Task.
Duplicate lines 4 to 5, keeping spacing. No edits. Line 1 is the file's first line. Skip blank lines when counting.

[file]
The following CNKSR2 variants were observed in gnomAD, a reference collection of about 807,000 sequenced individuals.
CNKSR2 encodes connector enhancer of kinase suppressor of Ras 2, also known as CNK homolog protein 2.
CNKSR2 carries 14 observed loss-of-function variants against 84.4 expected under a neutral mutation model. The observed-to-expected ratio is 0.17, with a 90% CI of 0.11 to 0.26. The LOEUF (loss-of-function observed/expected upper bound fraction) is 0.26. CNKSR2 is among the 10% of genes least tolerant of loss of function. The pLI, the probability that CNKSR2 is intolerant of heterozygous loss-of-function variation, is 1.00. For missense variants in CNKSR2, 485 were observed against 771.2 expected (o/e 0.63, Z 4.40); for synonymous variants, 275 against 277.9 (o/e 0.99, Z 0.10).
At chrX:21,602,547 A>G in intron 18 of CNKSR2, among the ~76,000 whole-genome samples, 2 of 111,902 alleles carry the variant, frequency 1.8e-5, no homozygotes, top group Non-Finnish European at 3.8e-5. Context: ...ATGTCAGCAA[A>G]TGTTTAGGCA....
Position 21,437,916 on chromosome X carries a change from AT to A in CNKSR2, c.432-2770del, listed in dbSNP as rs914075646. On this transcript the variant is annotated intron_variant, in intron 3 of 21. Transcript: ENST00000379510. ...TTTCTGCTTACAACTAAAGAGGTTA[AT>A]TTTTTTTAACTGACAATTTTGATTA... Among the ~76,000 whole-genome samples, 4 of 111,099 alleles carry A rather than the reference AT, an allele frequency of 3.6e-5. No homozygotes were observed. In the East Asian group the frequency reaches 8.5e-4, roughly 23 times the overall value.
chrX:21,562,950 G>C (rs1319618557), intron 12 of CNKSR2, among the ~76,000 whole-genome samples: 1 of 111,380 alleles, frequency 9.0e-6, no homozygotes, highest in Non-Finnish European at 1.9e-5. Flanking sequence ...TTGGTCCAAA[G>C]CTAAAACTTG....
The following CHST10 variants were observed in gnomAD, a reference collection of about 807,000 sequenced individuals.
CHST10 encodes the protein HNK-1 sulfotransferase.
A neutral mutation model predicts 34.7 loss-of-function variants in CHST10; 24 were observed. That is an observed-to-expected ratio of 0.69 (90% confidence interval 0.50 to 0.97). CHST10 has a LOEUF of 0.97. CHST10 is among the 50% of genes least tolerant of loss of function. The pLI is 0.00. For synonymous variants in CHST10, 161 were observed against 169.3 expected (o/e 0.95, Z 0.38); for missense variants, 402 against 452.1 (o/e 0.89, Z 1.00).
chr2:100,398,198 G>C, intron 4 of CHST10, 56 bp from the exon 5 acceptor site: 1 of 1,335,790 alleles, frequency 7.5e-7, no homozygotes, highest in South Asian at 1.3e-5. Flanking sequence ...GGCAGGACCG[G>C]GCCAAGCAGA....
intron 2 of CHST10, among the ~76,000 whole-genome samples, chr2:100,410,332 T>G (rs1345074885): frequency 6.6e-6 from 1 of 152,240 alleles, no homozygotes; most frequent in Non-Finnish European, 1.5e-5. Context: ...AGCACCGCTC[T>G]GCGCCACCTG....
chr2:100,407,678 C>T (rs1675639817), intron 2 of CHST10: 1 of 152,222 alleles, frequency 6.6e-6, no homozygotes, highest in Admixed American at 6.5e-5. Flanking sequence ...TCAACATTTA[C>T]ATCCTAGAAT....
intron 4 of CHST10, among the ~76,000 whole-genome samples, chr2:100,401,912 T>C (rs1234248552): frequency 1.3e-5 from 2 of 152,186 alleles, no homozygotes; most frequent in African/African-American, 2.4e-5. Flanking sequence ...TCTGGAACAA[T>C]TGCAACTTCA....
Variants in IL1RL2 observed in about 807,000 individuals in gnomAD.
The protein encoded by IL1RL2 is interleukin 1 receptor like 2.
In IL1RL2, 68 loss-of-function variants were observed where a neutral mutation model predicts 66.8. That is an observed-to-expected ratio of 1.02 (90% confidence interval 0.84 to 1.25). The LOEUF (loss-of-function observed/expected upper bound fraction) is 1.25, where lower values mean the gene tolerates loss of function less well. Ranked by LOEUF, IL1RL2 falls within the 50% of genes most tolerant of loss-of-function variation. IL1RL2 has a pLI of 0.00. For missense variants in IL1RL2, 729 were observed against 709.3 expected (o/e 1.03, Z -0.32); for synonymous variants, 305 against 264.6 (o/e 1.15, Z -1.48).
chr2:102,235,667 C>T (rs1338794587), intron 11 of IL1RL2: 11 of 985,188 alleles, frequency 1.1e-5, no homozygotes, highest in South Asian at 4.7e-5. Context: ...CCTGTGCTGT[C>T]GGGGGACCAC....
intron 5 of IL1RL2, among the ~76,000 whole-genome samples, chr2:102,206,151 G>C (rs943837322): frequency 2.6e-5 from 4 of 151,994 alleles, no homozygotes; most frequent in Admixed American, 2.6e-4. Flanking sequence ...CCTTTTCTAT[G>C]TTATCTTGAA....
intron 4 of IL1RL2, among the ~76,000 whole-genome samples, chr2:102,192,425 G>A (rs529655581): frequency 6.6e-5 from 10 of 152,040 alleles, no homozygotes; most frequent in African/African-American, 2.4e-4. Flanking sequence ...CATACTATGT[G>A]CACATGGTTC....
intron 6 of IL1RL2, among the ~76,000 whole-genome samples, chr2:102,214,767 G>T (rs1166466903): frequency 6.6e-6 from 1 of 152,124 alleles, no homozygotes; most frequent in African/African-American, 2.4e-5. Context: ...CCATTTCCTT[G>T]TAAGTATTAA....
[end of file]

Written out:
At chrX:21,602,547 A>G in intron 18 of CNKSR2, among the ~76,000 whole-genome samples, 2 of 111,902 alleles carry the variant, frequency 1.8e-5, no homozygotes, top group Non-Finnish European at 3.8e-5. Context: ...ATGTCAGCAA[A>G]TGTTTAGGCA....
Position 21,437,916 on chromosome X carries a change from AT to A in CNKSR2, c.432-2770del, listed in dbSNP as rs914075646. On this transcript the variant is annotated intron_variant, in intron 3 of 21. Transcript: ENST00000379510. ...TTTCTGCTTACAACTAAAGAGGTTA[AT>A]TTTTTTTAACTGACAATTTTGATTA... Among the ~76,000 whole-genome samples, 4 of 111,099 alleles carry A rather than the reference AT, an allele frequency of 3.6e-5. No homozygotes were observed. In the East Asian group the frequency reaches 8.5e-4, roughly 23 times the overall value.